The people on Olosega (Manu’a, American Samoa) are some of the kindest and most generous people I have ever met. This is a close knit community that takes care of each other. I was told that the church feeds the village every day (yes, *every* day) and the people feed the pastor every day! The exchange of food is constant. Whenever there is an event in the village such as a school program, dance, or party, everyone goes home with a fully prepared meal. By this, I mean, you are handed a take out container that contains a meal – every person, every time! These meals may be barbecue, potato salad, sandwich, chips, cake, etc. But let’s get back to the umu. The umu menu is more local and traditional. And delicious!
So, the term “the umu” can refer to the place and the food. The place is outside the home where people, mostly men, go to socialize at any time of day. The food is what is cooked inside the umu. From what we saw, there are some variations in what families cook in the umu. Sometimes a pig is roasted, or maybe not all of the dishes are prepared. But I think there is always breadfruit, taro, and banana. These are peeled and laid on the rocks without further preparation. They are served as is (though I was never served the taro, so I’m not really sure). The other treats are in the little foil bundles, palusami, turkey tail and a mackerel stew.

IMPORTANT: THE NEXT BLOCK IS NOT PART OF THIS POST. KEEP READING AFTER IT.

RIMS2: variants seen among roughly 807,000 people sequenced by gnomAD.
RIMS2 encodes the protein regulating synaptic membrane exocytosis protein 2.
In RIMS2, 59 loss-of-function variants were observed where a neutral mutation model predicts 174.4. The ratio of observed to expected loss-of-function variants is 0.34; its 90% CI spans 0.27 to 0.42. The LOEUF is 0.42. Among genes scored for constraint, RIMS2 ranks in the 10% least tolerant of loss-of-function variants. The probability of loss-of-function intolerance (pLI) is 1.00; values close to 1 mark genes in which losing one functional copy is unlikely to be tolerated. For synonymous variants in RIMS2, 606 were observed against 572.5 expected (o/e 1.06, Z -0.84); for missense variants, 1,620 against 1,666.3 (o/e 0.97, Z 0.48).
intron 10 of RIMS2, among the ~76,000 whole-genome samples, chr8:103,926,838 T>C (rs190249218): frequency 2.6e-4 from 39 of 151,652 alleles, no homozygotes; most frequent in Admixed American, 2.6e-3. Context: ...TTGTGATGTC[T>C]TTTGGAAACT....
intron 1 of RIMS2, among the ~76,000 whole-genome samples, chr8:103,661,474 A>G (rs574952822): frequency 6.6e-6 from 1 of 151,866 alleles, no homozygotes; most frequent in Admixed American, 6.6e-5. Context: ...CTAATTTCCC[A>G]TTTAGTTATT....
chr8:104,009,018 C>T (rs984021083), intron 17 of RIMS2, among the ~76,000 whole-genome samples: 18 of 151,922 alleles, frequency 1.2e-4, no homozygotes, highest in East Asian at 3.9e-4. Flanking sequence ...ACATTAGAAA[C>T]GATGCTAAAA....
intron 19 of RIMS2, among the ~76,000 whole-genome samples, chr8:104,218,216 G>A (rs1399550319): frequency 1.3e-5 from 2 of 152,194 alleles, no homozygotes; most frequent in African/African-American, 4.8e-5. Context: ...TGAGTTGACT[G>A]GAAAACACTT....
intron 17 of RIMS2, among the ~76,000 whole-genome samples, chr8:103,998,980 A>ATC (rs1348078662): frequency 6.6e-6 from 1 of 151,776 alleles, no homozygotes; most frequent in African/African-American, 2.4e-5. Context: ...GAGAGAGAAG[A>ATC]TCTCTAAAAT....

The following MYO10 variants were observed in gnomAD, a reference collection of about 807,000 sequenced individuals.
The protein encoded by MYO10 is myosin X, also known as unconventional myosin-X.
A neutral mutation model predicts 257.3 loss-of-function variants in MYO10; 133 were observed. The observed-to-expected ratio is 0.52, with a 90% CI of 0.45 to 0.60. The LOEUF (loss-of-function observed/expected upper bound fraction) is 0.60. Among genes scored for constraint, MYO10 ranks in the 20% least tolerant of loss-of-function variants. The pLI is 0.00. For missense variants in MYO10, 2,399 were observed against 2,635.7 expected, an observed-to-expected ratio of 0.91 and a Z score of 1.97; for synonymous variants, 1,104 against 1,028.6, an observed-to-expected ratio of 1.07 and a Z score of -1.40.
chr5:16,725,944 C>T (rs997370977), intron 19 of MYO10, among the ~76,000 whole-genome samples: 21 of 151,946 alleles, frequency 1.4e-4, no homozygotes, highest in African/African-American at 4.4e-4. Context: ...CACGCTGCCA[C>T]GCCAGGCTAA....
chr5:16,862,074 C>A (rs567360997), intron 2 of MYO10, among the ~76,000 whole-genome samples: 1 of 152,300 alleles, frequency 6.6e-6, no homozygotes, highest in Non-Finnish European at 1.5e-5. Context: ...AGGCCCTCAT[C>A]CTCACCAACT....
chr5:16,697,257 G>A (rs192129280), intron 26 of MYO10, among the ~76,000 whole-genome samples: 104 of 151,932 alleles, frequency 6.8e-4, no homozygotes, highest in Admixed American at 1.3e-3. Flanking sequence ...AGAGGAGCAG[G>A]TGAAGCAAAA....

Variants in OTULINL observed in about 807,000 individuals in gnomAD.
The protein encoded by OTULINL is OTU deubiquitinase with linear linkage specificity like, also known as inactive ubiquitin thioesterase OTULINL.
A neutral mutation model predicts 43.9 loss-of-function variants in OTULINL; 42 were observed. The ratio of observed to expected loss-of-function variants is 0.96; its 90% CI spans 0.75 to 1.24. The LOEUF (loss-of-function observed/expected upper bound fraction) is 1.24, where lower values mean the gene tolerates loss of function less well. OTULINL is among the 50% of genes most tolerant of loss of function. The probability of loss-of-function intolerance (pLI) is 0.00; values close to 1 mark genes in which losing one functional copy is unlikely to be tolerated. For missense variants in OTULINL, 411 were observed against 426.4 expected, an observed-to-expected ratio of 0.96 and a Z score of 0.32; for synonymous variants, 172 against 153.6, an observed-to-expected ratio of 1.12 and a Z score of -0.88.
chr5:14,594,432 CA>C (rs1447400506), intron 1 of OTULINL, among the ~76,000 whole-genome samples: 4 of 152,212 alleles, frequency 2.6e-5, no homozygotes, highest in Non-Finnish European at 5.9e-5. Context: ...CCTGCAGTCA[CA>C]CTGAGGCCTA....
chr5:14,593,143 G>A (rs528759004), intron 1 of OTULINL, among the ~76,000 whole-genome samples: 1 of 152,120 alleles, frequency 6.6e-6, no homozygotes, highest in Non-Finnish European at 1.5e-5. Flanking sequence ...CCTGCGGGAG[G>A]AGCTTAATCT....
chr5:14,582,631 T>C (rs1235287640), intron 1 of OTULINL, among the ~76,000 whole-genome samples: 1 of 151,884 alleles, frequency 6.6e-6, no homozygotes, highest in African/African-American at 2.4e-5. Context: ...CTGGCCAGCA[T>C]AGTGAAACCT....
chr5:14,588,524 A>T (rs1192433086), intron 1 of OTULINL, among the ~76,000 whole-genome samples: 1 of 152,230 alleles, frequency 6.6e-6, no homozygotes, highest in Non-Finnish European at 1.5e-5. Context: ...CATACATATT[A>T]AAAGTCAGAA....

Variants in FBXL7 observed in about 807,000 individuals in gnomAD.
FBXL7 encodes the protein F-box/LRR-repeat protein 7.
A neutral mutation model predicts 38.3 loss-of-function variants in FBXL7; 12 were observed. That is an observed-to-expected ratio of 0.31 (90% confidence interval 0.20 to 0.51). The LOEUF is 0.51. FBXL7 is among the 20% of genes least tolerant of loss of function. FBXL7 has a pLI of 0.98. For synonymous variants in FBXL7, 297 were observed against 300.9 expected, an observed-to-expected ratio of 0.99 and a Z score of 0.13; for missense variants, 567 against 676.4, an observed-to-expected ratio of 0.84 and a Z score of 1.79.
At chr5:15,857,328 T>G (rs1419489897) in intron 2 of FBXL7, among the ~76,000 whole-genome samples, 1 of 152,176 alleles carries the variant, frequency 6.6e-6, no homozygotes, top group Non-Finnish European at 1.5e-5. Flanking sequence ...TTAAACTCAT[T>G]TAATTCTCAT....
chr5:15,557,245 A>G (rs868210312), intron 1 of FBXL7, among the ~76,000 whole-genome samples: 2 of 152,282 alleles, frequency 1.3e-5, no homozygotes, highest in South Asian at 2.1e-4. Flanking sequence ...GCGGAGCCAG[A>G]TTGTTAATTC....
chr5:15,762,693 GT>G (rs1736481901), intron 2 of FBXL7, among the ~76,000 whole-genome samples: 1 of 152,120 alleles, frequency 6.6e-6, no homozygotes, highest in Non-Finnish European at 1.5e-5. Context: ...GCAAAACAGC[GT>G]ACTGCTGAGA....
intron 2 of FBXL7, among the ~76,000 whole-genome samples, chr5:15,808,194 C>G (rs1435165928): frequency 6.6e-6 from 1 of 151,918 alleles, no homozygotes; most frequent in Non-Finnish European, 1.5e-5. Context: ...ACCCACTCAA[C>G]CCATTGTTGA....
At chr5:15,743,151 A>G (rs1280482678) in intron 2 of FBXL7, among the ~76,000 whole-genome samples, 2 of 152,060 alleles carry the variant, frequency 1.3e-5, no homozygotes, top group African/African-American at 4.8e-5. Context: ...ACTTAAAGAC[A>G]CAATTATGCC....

This man husked, cracked and grated many, many coconuts to get all this wonderful coconut cream! The grated coconut is squeezed in a net made from banana stalk fibers. We were impressed by the strength it takes to do all that work! Can you imagine squeezing the milk out of your own coconuts?
The coconut milk is used for the palusami and the mackerel stew. These are very simple dishes! The trick for the palusami is finding the ingredients. You need fresh, young taro leaves for the palusami.
Here, the food is preparation table! The taro leaves are laid in a circle and folded into a cone. Then, a cup of coconut milk and onion mixture is poured into the taro cone. Lastly, this is all wrapped into a foil bundle that will be placed on the hot stones.
This is the cooked palusami. It was absolutely delicious! And so simple! Coconut milk and chopped onion in a bundle of taro leaves – yum!
The mackerel stew is coconut milk, chopped onion and drained, canned mackerel. The mixture is put into coconut shells, that have been cleaned, and covered with foil.The coconut shells have lots of fibers on the outside and these are shaved off with a machete before they are filled. These are also placed on the hot rocks and are cooked in an hour!
Here is the feast! Everyone asks me what the breadfruit tastes like. It can best be described as a potato-like, only with a smoother texture and a little sweeter. You just break off pieces and eat! It was good dipped in the mackerel stew, too!
Turkey tail is another of their favorite foods! Yup, turkey tail is that little piece of fat and skin and cartilage that we usually toss out. But not here. Here it is barbecued and used in the umu! For the umu, it is chopped, mixed with onions and placed in a taro leaf bundle (wrapped in foil).